The long July 4 weekend officially begins at 6 p.m. today and ends at 11:59 p.m. Sunday.
“We will be performing WASP (Wide-Area Saturation Patrols) this week and into the weekend,” said Capt. W.G. Campbell of the Bradley County Sheriff’s Office.
Campbell also said DUI Checkpoints have been scheduled beginning July 12.
“The ‘No Refusal” campaign headed by THP will be concentrating efforts in two Chattanooga District counties.
Hamilton and Franklin counties will take part in the No Refusal law concentration, which permits law enforcement to “seek search warrants for blood samples in cases involving suspected impaired drivers,” according to THP information.
District captains made their choices based on data collection.
Bradley County was among several others which was chosen recently for the inaugural kickoff of the “No Refusal” campaign, just after laws took effect.
“We are proud to again partner with various local law enforcement officials, prosecutors and judges across the state in a ‘No Refusal’ enforcement campaign during the Fourth of July holiday period. Drunk driving is a threat to public safety, and this specialized enforcement gives us another tool to combat impaired driving and reduce fatal crashes in Tennessee,” said Commissioner of the Tennessee Department of Safety and Homeland Security Bill Gibbons.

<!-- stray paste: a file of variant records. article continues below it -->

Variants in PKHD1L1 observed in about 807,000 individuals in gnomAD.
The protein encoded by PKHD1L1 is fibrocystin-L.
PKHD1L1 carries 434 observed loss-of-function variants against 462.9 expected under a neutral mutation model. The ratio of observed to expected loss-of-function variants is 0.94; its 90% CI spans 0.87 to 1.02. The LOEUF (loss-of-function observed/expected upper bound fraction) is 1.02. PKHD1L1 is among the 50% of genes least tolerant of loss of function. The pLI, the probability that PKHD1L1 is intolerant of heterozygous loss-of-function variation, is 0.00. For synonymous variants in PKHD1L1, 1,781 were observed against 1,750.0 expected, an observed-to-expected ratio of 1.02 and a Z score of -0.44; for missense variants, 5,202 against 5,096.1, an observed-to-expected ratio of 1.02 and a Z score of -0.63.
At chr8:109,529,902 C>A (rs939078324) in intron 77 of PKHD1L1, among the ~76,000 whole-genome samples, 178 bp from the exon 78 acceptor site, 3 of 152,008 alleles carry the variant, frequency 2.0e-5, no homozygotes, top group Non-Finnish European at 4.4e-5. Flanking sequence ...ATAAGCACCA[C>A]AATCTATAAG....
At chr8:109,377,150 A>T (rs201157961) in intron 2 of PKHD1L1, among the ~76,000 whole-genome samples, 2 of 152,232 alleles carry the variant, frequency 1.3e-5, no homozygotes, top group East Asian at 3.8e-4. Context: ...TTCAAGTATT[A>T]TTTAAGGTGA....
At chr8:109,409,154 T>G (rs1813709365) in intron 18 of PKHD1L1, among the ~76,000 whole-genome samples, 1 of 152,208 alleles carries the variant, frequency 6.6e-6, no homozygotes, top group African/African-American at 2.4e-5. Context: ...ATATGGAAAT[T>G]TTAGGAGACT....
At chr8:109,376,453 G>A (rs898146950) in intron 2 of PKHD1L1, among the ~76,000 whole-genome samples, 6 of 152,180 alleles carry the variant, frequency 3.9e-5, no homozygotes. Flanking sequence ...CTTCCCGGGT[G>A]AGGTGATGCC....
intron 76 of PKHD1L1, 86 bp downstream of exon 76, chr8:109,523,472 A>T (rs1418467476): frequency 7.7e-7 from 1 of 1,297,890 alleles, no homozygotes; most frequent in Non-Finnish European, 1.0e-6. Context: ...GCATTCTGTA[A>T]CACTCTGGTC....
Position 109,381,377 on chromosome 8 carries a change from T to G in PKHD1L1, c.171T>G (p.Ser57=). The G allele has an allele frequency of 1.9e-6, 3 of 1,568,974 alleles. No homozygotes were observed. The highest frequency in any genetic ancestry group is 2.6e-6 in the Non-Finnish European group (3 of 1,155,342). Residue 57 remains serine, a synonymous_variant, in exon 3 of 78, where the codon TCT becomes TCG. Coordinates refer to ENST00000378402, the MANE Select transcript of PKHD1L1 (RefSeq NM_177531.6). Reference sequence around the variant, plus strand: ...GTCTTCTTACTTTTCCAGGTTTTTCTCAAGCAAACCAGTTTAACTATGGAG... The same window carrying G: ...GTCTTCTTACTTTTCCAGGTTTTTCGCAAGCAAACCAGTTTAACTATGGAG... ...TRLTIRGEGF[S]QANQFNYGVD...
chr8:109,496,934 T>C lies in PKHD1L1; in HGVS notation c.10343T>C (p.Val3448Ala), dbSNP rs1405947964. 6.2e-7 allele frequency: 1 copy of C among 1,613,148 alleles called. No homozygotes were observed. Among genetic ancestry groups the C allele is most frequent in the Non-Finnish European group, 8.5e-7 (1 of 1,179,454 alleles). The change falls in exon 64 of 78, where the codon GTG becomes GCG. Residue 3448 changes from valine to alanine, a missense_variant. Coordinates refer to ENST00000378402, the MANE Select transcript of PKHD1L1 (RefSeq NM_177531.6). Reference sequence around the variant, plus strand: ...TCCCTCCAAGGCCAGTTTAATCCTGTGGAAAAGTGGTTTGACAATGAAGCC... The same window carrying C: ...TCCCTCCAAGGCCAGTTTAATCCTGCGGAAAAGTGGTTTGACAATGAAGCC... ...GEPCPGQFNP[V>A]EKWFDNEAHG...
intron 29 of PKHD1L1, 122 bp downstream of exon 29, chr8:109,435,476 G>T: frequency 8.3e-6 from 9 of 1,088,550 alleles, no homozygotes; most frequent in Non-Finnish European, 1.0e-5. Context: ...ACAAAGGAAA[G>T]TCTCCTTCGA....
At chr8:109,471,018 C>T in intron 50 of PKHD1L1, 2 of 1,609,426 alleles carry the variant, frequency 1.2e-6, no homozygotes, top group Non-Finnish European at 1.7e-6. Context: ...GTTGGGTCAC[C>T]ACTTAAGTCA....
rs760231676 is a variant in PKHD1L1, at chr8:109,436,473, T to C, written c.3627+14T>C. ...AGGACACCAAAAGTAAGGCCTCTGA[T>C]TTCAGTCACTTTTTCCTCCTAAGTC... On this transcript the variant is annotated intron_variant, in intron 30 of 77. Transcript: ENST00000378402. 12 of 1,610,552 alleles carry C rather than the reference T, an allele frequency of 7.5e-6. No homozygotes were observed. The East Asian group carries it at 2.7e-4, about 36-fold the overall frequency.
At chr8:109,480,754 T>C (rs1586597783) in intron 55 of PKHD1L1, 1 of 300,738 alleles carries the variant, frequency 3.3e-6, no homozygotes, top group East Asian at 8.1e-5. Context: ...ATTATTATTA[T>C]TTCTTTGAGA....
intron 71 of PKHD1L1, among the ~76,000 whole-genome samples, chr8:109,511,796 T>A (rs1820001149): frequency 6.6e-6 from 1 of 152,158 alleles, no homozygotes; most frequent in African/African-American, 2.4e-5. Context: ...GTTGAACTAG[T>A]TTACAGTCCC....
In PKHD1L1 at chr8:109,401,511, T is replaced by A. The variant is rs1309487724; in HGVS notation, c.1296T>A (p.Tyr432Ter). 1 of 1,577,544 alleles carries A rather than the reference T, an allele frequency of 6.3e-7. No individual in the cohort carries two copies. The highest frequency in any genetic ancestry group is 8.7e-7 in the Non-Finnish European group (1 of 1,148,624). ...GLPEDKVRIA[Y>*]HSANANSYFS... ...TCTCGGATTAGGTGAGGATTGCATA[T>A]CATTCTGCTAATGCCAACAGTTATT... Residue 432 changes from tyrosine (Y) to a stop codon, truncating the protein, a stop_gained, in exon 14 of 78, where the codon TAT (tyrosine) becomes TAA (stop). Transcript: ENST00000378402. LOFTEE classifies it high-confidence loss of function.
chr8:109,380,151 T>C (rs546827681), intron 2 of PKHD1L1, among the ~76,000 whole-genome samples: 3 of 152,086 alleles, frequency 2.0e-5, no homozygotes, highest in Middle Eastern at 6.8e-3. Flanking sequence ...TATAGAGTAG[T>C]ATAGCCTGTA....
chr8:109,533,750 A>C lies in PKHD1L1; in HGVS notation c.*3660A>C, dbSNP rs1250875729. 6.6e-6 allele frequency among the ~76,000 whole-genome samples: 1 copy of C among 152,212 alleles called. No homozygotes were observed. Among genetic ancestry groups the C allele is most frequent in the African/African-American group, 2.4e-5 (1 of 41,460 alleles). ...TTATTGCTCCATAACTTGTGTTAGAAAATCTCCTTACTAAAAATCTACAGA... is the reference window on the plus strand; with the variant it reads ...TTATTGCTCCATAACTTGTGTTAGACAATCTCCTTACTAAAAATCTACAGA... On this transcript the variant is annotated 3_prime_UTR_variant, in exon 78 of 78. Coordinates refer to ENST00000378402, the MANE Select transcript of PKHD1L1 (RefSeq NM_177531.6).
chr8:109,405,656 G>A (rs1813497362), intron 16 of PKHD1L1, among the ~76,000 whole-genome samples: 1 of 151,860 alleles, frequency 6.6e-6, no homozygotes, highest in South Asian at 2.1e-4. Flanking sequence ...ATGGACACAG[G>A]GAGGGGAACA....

Twenty-one fatalities occurred during the 2012 July Fourth weekend. Just under 50 percent of those killed were alcohol-related deaths and seven of the victims who died were not wearing seat belts, according to THP data.
Three motorcyclists also died during the holiday period.
“State troopers will aggressively seek out impaired drivers to ensure the safety of every Tennessee citizen and traveler during this holiday period,” THP Colonel Tracy Trott said. “In addition, we also urge motorists to wear their safety restraints and make sure all occupants are buckled up. When it comes to traffic safety, no one is above the law or invincible. The dangers of impaired or distracted driving and not wearing a seat belt are real, and oftentimes deadly,” he added.
Data also suggest that traffic-related fatalities are down year-to-date in 2013.
As of Monday, 436 people have died on Tennessee roadways. The figures indicate a -13.8 percent decline (or a decrease of 70 deaths), compared to 2012 figures.
Of those who have lost their lives this year, nearly 23 percent have been alcohol-related and nearly 50 percent were unrestrained.
Lt. John Harmon of the Chattanooga District also noted that an “increased awareness” regarding off-road vehicles is going to be enhanced as part of the weekend’s work.
“We have had two people killed in the Chattanooga District who were riding their all-terrain vehicles on roadways,” Harmon said Tuesday.
“Our troopers will be on the lookout for these traffic offenders through our increased awareness and enforcement of the traffic laws of the state of Tennessee,” Harmon added.